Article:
I have a limited statistics background, so I will try to be as specific as possible.
I'm reading a paper on a method to fingerprint mobile devices using their accelerometer. To demonstrate that the method is robust, the author measures parameters from 16.000 devices; I don't know if it's relevant, but the parameters are the Offset (O) and the Sensibility (S) of the sensor.
He then filter them by keeping only the values of devices which has been measured exactly twice. For every device, he calculates the "distance" between every O, and then between every S. He finds out that
The 95th percentile for O distance is 0.045. For S this distance is 0.0037.
First question: what does that mean? Moreover, what is the 95th percentile, and why does he use it?
He then uses these 95th percentile distances to create a scatter plot of O-S, dividing it into blocks of equal size and counting the data points in each block (Cxy). From this he is able to calculate overall entropy of the distribution (which he does not define) as follows:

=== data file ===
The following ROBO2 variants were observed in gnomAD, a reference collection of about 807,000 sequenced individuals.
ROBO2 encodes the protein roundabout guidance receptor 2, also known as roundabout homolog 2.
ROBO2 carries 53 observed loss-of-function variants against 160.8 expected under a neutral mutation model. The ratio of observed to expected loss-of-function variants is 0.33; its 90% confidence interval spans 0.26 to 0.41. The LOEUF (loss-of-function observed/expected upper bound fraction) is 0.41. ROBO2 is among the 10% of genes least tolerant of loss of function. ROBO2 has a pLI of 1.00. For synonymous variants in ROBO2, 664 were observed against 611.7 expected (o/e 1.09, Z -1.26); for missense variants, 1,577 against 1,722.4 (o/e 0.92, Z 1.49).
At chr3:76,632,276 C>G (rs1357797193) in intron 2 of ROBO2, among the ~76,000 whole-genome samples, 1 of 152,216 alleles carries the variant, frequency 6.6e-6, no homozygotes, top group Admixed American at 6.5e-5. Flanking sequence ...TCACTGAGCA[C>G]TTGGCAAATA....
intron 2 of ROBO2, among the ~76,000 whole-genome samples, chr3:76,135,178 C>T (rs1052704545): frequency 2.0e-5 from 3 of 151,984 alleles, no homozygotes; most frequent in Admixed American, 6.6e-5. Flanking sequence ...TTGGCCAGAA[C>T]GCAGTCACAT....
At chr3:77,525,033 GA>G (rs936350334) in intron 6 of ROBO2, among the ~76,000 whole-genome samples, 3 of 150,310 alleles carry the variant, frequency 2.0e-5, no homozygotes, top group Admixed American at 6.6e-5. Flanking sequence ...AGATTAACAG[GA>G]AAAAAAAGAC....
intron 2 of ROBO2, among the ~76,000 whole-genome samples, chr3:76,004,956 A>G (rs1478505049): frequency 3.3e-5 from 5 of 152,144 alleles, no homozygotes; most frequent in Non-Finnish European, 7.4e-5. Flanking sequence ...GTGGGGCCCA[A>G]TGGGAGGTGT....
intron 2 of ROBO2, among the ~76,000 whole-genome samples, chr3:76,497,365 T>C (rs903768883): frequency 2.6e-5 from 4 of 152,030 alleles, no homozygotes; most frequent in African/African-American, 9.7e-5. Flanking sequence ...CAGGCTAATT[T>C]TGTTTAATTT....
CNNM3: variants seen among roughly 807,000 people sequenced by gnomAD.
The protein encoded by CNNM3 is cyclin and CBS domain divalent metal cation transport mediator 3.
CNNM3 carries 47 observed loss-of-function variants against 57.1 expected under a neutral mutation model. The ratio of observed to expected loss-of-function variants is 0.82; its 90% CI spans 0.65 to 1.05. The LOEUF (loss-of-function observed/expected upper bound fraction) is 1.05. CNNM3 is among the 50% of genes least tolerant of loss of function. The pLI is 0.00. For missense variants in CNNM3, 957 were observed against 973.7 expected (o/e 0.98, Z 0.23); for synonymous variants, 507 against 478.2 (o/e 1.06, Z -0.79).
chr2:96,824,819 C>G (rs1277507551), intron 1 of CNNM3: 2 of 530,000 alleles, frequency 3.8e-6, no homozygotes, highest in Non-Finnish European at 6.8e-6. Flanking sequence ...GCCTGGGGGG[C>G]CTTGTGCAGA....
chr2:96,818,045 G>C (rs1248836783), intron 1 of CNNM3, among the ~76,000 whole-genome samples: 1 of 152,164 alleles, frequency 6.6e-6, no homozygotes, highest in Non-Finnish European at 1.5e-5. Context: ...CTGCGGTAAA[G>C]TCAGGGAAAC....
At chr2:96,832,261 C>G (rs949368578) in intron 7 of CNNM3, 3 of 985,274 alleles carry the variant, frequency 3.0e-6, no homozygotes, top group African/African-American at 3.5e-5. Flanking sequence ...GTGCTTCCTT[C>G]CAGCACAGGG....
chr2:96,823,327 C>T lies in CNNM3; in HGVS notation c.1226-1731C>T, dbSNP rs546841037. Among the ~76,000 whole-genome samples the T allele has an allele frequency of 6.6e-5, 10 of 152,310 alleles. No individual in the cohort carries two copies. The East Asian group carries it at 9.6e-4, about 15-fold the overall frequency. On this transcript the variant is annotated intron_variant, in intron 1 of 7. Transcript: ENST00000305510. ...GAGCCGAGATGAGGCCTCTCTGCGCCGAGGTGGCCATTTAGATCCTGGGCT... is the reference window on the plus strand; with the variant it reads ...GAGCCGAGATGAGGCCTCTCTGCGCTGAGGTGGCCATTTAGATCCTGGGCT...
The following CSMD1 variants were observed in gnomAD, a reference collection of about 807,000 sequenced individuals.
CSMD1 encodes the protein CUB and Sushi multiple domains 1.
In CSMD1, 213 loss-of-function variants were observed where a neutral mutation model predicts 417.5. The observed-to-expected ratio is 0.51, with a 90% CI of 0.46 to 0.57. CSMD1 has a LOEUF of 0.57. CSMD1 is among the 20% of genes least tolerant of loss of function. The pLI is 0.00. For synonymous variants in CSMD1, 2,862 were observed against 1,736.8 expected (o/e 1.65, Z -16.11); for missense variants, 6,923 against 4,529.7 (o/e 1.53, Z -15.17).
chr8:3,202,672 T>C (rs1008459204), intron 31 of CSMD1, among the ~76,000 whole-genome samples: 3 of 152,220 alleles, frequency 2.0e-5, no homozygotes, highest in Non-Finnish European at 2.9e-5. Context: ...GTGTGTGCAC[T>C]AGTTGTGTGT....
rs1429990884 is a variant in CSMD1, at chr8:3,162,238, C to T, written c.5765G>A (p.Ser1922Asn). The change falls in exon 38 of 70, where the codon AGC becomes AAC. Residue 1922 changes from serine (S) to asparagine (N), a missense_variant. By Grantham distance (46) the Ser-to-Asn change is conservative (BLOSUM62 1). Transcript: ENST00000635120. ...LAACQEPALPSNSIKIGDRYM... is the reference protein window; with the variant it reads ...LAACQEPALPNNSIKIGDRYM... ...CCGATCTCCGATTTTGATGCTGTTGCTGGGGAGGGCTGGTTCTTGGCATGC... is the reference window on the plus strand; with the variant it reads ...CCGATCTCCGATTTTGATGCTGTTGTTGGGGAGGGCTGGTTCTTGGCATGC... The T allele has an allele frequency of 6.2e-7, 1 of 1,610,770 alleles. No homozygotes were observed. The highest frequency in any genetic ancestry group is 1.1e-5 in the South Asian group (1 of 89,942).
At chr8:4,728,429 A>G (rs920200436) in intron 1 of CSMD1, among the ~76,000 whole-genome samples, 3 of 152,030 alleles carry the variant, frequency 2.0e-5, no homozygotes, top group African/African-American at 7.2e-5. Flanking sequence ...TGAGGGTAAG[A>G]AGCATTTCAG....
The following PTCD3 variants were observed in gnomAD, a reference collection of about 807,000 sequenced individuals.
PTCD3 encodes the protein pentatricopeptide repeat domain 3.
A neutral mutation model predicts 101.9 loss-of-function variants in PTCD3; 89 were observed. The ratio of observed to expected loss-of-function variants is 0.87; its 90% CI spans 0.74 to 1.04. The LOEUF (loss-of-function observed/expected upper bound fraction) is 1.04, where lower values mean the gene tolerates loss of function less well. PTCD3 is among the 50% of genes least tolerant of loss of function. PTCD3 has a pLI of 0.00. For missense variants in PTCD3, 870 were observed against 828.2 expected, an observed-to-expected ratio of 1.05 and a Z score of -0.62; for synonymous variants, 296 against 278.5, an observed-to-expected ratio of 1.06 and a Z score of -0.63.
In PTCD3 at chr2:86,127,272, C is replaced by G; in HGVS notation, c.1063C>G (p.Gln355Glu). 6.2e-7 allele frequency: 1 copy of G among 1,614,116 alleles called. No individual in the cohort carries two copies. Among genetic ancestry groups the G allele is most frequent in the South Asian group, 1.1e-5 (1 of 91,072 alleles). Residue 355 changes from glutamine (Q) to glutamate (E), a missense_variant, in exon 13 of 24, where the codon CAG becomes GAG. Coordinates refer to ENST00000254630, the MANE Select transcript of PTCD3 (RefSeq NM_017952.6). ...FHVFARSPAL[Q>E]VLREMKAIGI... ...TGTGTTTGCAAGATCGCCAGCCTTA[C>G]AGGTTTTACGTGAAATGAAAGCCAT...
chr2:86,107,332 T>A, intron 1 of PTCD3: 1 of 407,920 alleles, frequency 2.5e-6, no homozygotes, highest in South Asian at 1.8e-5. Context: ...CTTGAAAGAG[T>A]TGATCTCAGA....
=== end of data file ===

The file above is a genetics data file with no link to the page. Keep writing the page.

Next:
Second question: what does the entropy tells me? I know it's a measure of disorder in a system, so I assume that it says something like "there are no clusters of similar informations, all the informations are disordered in the graph". But, how much? Shouldn't I compare this value with something?
The paragraph is then concluded saying that
Small variations of the grid origin had minimal effects on the entropy estimate (specifically, we saw less than 0.01 bit of entropy difference between the smallest and largest estimated value, 7.493 vs. 7.502). We consider this to be a confirmation that the result is robust.
Sorry for the long quote, but I really can't figure out what does that mean: what does it tell me if entropy has a small variation between the smaller and the largest estimated value? That's the third question.
You can find the paper here: Paper